Video: Va. officer's on-duty skateboard skills go viral
A video posted of a Virginia Beach police officer doing tricks at a skate park has gone viral on Tik Tok and other social media platforms
VIRGINIA BEACH — Skateboarders and police officers sometimes clash, but last week the two worlds briefly came together.
Instead of chasing away skaters from the Oceanfront, Virginia Beach Officer Ryan Borman, 23, wowed them with a couple of sick tricks.
While still in uniform, Borman pulled off a kick flip and a 360 flip — two technical moves that involve spinning and flipping the board under one’s feet and landing back on it.
A spectator caught the moment on video, which has since gone viral with more than a million views on social media.
Borman made the moves look easy, even though he was wearing a thick vest and a hefty weapon on his belt.
“It actually took a couple of tries,” Borman said in an interview. “The gear’s pretty heavy.”
Borman knows the area skateboarding scene. He grew up hanging out at the Virginia Beach Oceanfront and graduated from First Colonial High School before joining the police department in 2018.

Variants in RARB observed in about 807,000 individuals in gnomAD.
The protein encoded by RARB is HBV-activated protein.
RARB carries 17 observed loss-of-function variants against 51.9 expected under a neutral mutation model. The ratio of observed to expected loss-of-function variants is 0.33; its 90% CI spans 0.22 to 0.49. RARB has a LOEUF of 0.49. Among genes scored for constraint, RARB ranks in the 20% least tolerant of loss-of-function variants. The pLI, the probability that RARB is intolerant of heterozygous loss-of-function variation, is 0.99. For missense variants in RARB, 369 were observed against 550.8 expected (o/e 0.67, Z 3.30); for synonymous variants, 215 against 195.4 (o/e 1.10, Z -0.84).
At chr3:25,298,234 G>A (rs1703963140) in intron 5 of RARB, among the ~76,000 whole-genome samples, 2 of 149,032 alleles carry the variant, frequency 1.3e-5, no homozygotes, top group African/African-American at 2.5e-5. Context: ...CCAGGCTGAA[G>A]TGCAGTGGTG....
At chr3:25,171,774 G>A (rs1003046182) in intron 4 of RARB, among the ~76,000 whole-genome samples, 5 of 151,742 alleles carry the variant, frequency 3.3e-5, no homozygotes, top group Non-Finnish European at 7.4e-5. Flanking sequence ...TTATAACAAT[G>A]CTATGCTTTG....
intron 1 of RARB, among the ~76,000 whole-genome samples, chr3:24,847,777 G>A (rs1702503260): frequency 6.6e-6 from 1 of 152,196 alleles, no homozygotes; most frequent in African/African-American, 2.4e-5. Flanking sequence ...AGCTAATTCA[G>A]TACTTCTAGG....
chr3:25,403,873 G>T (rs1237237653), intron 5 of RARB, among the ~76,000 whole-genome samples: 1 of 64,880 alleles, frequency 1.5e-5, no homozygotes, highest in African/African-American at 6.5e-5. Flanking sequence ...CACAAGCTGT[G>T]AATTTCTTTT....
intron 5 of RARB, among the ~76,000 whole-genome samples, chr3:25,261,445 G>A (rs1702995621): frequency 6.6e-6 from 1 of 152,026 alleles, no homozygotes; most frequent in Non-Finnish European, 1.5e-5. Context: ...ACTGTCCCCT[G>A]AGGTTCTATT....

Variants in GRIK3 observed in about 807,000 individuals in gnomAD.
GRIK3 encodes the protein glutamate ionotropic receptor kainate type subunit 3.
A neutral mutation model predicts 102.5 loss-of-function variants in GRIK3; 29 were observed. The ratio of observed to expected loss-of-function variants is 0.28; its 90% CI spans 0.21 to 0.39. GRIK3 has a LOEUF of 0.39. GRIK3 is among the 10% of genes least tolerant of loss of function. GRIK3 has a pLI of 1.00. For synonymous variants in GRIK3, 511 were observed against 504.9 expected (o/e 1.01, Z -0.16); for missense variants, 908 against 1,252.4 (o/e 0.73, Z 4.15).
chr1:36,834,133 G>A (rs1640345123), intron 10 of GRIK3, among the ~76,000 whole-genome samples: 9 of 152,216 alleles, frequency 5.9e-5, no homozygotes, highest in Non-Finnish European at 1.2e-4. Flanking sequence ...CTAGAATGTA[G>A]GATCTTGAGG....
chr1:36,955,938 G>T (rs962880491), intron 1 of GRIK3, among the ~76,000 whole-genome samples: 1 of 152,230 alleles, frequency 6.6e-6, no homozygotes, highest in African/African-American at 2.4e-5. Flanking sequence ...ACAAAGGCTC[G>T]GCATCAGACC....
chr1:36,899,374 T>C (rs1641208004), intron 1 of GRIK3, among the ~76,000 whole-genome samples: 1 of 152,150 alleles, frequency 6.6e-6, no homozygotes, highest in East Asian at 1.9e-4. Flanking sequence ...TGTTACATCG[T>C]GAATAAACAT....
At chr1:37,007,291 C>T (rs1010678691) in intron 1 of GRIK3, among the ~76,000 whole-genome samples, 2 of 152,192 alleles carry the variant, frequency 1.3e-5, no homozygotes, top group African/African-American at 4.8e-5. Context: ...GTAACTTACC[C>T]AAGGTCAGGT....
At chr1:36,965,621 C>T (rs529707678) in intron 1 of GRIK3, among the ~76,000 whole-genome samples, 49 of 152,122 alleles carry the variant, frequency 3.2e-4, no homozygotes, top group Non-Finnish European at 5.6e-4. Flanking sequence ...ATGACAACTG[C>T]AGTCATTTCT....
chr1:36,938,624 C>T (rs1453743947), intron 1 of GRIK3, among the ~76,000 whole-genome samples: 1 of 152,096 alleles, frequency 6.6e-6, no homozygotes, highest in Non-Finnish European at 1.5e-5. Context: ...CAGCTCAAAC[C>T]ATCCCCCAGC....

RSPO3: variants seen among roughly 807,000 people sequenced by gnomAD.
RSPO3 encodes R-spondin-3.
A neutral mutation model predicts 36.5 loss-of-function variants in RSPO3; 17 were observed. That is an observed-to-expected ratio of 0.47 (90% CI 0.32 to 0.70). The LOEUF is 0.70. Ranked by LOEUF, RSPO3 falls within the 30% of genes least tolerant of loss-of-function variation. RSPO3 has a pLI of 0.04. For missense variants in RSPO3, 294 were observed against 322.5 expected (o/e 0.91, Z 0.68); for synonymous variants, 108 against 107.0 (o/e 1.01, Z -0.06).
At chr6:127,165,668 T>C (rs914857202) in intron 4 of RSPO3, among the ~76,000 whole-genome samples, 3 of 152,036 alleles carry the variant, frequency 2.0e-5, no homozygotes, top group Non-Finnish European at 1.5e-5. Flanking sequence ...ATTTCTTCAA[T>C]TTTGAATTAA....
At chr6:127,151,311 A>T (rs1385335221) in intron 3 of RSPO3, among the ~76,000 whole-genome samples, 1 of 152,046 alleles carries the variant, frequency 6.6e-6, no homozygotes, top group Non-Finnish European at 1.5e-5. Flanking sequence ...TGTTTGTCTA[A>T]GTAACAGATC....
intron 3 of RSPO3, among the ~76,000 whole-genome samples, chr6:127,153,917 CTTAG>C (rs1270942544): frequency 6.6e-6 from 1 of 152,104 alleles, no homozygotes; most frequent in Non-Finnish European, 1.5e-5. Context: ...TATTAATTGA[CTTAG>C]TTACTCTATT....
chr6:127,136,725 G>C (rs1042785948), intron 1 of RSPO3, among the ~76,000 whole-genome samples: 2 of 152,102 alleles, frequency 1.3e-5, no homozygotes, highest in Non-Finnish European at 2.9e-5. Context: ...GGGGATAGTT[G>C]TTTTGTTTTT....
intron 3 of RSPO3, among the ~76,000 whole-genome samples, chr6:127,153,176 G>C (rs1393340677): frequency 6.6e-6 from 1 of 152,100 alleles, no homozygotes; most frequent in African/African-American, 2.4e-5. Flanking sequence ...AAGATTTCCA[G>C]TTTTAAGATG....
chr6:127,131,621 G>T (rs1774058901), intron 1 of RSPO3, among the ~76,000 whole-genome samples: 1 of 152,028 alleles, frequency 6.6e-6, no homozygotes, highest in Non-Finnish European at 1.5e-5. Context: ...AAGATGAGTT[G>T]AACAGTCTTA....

But he didn’t set out April 21 to become a social media superstar. The video, which was posted Wednesday on TikTok, stemmed from a chance encounter between Borman and an old friend from high school he spotted skateboarding in an empty parking lot.
On a whim, Borman asked to borrow a board.
Sergey Whitney, a Chesapeake videographer, was there to hit record.
“This is something you don’t see every day,” said Whitney, 27. “I was very shocked in a great way.”
Virginia beach police department throwing down 🤘 "To protect and serve up buttery 360 flips" Also 1312 🎥creds Sergey WhitneyPosted by Seneca Ramen Allen on Monday, April 27, 2020
As of Thursday afternoon, a million people had viewed the video on TikTok. Hundreds of thousands of people had viewed it on other social media platforms, too.
“It’s definitely insane,” Borman said. “I didn’t expect that at all.”
Borman’s aware that the skateboarding community doesn’t always look favorably on law enforcement, but he hopes when people see the video it will help bridge the gap.
“We’re everyday people just like them," he said. “I grew up doing the same exact stuff they’re doing now.”